Writer Tom King and artists Clay Mann and John Timms have all signed contracts to produce work exclusively for DC Comics. In a press release today, DC Entertainment co-publisher Jim Lee spoke excitedly about the news:


DC Entertainment is proud and thrilled to secure the services of these amazing talents. Speaking personally as a fan of their impressive work, I couldn’t be more thrilled to have them on board for the long haul. We’ve seen the incredible fan response thus far and all I can add is: hold on tight, this is just the beginning!


Tom King has met with great acclaim writing Omega Men, Robin War, and Vertigo's Sheriff of Babylon, as well as co-writing Grayson with Tim Seeley. He's also been writing the unique Vision solo comic at Marvel, which he'll no longer be able to do under this deal. Whether that series will end or be handed to another writer is not yet known. (Update: King has confirmed via Twitter that he will complete his original story on Vision, staying with the book through to issue #12.)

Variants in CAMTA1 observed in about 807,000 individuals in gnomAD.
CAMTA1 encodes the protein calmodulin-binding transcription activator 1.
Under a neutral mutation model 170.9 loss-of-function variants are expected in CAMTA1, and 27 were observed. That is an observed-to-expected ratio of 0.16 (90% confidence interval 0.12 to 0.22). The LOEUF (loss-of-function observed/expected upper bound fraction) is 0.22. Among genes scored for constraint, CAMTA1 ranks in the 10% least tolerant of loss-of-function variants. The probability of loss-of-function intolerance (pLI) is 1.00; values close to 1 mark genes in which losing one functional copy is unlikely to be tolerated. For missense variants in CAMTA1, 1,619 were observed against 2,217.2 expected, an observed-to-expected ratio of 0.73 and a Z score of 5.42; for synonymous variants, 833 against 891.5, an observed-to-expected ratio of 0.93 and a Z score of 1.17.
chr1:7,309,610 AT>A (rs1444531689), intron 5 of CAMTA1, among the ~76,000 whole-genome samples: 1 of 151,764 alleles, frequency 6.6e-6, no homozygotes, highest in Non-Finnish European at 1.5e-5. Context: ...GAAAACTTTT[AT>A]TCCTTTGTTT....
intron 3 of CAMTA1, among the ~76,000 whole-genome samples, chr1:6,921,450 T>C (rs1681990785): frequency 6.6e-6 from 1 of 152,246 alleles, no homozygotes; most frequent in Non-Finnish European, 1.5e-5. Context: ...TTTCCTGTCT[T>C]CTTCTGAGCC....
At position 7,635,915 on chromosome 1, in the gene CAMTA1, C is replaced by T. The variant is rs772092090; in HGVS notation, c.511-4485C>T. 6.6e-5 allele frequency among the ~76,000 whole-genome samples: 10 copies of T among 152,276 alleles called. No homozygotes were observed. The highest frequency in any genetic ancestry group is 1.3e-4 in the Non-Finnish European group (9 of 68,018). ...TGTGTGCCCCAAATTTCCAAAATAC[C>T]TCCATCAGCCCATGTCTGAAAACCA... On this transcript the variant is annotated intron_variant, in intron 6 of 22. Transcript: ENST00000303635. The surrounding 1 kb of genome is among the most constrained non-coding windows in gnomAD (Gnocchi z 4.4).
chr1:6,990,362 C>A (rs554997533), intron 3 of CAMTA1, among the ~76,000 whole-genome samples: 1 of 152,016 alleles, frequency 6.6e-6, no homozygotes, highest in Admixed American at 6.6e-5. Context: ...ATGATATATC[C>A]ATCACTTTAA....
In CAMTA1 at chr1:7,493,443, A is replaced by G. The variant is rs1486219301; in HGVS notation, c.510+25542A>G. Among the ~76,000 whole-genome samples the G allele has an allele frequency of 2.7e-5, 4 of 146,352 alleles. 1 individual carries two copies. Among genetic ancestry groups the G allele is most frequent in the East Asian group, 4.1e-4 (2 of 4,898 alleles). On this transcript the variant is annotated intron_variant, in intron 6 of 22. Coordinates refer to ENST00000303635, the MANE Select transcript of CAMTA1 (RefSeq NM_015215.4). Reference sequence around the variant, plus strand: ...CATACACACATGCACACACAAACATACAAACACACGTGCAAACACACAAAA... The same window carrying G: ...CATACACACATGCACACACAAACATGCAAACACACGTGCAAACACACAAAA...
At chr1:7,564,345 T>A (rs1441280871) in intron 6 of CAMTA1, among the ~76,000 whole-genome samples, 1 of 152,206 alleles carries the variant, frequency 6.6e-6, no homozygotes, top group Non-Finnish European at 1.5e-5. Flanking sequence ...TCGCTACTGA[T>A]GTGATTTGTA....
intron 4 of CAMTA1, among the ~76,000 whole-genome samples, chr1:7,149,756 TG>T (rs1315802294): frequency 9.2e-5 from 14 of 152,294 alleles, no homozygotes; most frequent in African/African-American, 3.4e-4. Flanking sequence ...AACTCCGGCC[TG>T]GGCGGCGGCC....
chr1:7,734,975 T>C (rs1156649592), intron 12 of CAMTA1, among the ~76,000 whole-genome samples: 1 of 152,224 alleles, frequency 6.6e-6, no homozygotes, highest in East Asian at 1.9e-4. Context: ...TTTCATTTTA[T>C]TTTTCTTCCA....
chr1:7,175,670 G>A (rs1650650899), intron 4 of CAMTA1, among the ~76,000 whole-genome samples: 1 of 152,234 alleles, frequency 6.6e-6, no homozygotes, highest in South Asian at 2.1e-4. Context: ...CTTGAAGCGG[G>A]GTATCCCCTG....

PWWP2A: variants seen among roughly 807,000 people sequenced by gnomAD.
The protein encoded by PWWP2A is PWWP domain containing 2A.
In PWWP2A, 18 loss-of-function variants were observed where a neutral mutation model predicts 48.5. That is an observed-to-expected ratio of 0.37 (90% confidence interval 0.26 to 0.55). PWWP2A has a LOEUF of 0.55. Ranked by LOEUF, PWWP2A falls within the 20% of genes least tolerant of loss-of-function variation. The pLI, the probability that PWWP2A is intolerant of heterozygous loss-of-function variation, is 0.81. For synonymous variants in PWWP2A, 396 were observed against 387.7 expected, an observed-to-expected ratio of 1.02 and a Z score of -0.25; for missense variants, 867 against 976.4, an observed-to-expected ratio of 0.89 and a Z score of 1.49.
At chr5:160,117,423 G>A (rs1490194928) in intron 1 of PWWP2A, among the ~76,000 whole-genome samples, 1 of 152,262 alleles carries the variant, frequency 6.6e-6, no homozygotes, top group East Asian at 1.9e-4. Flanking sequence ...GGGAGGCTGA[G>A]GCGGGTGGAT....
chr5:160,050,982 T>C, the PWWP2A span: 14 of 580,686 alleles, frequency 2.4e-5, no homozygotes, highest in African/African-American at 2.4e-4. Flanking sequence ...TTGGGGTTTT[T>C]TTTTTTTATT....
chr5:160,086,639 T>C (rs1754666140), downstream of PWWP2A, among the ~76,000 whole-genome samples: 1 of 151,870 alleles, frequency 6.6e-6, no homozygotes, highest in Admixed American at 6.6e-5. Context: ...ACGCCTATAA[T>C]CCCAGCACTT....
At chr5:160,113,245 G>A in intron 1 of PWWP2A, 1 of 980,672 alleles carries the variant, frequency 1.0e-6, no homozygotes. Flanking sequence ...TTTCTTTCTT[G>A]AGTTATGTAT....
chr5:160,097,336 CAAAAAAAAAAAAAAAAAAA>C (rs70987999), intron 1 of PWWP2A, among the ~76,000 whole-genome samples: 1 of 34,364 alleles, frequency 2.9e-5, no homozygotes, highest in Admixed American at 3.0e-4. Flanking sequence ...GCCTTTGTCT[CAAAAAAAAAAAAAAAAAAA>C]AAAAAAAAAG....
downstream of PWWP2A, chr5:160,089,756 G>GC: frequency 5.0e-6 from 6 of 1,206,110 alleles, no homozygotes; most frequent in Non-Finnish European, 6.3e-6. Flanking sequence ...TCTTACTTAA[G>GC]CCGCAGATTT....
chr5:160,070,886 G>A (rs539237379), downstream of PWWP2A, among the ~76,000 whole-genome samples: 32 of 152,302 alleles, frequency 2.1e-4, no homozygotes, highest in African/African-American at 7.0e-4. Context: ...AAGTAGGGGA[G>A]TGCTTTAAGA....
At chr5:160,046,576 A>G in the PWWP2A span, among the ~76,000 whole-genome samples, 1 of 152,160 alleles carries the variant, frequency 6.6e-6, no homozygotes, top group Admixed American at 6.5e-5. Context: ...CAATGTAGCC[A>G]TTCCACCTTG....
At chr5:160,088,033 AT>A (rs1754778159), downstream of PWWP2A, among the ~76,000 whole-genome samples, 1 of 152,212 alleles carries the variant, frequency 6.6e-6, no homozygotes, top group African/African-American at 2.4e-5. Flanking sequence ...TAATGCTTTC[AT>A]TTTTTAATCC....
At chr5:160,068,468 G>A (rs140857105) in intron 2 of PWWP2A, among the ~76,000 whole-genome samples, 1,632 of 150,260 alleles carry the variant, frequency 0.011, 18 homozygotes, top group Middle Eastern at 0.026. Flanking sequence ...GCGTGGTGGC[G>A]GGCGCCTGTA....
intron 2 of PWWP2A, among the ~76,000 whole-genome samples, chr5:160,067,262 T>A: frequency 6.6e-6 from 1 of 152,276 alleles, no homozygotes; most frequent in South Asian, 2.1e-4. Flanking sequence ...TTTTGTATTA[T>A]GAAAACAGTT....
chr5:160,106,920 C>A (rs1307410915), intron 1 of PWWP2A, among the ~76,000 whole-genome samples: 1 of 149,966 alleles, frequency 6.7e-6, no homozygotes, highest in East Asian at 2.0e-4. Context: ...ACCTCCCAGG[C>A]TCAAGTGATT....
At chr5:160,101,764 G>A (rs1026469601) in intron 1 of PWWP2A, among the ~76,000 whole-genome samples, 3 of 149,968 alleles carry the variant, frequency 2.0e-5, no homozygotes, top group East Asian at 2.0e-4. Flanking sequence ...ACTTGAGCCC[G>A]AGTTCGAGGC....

King, unsurprisingly, expressed excitement about his new home at DC, where he's going to play a major role in the as-yet-unexplained Rebirth event:


To me, DC is Superman. DC is Batman. DC is Wonder Woman. DC is Swamp Thing, The Dark Knight Returns, Watchmen, All Star Superman, The New 52 and The Court of Owls. DC is where the great comics get made. I'm honored and proud to be part of that tradition, and I'm going to do my best to deliver my best work ever. I can't wait for people to see what's coming.


Clay Mann is the artist on the current Poison Ivy: Cycle of Life and Death miniseries written by Amy Chu. Before that his DC credits included covers on Batgirl and Batman Eternal. John Timms has made his name working on Harley Quinn and its spin-off Harley's Little Black Book.

Jim Lee had this to say about the two artists:


Clay’s rock solid structure and keen eye for composition really made his work stand out. And I really love John’s expressive figure work and fresh, kinetic energy. Their styles are different but they both accomplish the same goal – they simply pull the readers directly into the story, and that’s exactly what we need more of.